If the Lewisville Dam were to fail, it would endanger more than 400,000 lives and $22 billion in capital investments, said Stacy Gray, project manager for the Dam Safety Modification Study.
It is highly unlikely the dam will fail. To further reduce the probability of failure, the U.S. Army Corps of Engineers has proposed modifications to the dam in its Environmental Assessment because of the critical damage that would result if it did fail.
The Corps held a public meeting to answer resident questions and discuss comments concerning the dam modification proposal Tuesday evening at the MCL Grand Theater.
The Lewisville Dam is an embankment that is about 33,000 feet long and 125 feet tall, Gray said. It was constructed between 1948 and 1955. The Corps has created 30 measures, or ways of addressing the potential risks, and condensed them into 13 alternatives, or measures put together to form plans.
“Everything is working exactly like it worked when we built it,” Gray said. “As low as reasonably practical, how low can we get that probability [of failure] where it still makes sense to [modify].”
Proposed modifications to the dam focus on risk-driving potential failure modes, according to the draft. Listed are two PFMs identified as risk-driving, followed by other considered PFMs that were presented at the meeting:
- Internal erosion of soil foundation that leads to seepage that progresses to piping and loss of embankment materials
- Instability, uplift and sliding
- Internal erosion of embankment along main water conduit
- Failure of municipal water lines along the embankment toe, resulting in erosion of toe
- Local instability of embankment leading to loss of crest
“Bottom line, we’re worried about seepage. We’re worried about stability,” Gray said. “We want to make sure those things don’t progress into something that can turn out bad.”
Embankments seep, she said, but the concern is if that seepage changes. The Corps monitors the color of the seepage, where it comes from, the amount in volumes that escapes and the water pressure of the seepage.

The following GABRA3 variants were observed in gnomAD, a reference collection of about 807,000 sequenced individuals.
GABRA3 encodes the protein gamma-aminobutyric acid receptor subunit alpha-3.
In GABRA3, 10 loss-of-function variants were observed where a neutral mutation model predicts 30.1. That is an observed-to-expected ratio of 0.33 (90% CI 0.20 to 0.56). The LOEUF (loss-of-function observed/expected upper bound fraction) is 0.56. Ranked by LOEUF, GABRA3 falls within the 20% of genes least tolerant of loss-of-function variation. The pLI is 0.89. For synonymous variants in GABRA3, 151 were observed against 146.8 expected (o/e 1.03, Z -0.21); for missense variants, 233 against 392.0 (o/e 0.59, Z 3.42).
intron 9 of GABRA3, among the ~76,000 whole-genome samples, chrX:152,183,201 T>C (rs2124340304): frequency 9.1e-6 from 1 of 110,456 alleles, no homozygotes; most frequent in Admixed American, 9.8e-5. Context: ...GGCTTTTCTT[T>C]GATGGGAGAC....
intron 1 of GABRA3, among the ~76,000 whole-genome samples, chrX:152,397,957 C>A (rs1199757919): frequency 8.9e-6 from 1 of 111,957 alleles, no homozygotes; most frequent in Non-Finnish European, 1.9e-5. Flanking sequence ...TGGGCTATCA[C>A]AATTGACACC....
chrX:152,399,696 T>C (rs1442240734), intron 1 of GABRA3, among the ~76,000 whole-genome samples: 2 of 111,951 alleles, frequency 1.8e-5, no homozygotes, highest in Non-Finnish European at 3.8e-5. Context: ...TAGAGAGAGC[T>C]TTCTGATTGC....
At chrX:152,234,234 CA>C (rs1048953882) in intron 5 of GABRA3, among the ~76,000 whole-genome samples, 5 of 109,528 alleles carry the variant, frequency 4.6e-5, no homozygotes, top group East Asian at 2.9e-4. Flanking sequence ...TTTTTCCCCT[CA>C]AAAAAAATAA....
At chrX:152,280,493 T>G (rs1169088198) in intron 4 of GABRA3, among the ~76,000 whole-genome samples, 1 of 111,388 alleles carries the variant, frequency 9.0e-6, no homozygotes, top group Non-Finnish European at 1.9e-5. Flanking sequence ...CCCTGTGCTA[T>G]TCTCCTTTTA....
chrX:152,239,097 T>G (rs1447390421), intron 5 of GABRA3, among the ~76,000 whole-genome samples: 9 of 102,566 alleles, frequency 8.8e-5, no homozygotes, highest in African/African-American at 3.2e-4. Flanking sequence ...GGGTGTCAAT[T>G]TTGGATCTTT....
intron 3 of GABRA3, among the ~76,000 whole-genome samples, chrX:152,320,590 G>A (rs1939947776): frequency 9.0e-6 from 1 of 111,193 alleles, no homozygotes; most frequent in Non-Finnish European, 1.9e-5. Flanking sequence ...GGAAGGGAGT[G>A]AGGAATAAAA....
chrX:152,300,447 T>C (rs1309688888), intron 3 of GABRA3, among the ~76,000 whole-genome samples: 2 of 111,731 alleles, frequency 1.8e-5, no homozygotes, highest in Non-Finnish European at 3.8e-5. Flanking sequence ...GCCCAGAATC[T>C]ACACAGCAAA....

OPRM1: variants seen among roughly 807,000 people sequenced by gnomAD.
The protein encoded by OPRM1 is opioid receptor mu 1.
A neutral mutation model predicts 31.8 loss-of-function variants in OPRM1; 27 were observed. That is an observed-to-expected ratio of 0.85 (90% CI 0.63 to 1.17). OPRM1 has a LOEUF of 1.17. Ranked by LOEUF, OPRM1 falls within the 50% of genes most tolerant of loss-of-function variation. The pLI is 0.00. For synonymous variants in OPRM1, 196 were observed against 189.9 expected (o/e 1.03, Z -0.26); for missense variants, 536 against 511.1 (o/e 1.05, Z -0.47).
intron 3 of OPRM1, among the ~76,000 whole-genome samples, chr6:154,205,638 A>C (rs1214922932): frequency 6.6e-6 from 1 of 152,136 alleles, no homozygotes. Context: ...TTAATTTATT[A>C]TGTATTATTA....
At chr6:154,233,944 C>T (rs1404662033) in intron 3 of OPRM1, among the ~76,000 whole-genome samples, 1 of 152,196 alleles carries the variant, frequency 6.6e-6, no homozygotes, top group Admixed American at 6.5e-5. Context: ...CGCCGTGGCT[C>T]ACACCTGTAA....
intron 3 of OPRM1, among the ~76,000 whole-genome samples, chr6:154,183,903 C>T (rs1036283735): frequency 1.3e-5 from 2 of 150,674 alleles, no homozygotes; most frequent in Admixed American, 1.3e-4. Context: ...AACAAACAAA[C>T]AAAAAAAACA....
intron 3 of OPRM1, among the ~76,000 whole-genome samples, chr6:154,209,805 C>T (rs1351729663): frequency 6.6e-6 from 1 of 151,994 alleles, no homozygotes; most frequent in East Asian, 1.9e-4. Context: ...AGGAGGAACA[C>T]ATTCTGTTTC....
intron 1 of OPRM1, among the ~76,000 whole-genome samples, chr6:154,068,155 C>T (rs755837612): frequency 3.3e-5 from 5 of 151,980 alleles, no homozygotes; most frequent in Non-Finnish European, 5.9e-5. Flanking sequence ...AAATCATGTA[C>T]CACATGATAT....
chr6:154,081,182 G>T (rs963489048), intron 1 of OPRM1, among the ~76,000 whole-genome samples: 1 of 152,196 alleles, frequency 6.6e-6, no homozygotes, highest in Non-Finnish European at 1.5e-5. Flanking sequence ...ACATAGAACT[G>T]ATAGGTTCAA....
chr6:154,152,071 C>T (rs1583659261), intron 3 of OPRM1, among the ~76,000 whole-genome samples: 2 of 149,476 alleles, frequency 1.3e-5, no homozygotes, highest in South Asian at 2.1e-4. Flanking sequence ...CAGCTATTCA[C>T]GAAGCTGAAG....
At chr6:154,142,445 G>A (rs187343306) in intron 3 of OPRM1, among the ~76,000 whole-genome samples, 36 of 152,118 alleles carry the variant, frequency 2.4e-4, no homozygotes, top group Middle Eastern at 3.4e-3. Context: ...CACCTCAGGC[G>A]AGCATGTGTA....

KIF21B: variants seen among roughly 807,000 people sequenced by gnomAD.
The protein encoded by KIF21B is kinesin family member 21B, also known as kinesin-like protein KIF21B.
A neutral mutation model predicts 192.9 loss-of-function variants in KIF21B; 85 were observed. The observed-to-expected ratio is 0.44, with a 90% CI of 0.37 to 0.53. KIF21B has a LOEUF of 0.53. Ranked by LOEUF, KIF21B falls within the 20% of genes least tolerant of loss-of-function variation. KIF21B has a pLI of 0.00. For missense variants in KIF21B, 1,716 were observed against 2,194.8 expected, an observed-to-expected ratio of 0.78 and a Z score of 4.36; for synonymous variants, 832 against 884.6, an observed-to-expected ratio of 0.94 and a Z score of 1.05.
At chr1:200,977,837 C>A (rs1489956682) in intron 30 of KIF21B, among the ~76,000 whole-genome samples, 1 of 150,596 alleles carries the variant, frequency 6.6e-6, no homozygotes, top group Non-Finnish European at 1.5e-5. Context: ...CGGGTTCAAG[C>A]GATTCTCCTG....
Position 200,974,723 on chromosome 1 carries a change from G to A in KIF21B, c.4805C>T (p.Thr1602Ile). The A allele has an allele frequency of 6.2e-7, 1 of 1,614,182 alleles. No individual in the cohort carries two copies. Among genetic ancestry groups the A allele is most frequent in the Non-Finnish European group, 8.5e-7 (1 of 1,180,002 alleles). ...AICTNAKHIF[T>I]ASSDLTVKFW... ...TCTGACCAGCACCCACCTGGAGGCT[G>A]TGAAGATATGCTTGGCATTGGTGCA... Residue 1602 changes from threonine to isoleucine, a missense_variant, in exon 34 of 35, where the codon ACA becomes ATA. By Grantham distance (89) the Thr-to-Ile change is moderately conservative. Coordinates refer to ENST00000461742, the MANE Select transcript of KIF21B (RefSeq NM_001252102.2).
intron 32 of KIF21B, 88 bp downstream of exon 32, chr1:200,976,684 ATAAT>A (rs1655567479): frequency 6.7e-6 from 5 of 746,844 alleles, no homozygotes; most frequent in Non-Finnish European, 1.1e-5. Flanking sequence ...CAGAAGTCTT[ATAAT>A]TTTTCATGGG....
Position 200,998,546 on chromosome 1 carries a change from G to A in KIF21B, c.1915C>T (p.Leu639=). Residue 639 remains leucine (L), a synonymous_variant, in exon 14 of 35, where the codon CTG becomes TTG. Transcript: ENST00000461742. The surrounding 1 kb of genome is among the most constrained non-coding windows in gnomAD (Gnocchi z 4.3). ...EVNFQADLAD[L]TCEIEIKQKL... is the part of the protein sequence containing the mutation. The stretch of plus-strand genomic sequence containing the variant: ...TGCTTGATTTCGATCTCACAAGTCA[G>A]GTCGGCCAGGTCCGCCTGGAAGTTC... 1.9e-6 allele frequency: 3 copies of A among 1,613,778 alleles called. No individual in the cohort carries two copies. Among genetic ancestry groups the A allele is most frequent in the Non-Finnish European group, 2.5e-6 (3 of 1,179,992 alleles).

The draft proposes how to modify the dam for the risk-driving PFMs. The Corps would construct at two different locations inverted filter berms, which would make sure seepage remains clear of soil, with associated collection trenches for seepage flow at each downstream location.
The Corps would reduce risks concerning spillway instability by building post-tensioned anchors with an upstream geomembrane cutoff to support the spillway structure.
It would overlay the apron on the downstream side of the spillway and construct two barrier walls downstream of the spillway to prevent apron panels from moving. The latter would also reduce channel scour and erosion during spillway flow occurrences, the draft says.
The remaining three PFMs are not risk-driving but their inclusion takes advantage of construction efficiencies and reduces overall risk of failure, the draft reports.
To reduce the risks of erosion at the outlet conduit, the Corp would construct a new conduit to lessen stress caused by high volume flows, the draft continues.The Corps would increase slope stability to cut down risks related to slides on the upstream embankment.
“Lastly, the USACE is requiring the City of Lewisville to relocate waterlines that currently encroach on the embankment to reduce the risk of embankment erosion from a waterline rupture,” the draft states.
The Corps proposes to begin construction in early 2018. With different phases, the Corps estimates construction will continue through mid-2024.
Following construction of modifications, consequences remain high. The Corps will maintain a heightened state of awareness and communication with the emergency management community, a presentation slide notes.
Public review is open through Oct. 15. Written comments may be submitted to Marcia Hackett, USACE, Fort Worth District, P.O. Box 17300, Fort Worth, TX 76102-0300, or via email to email@example.com.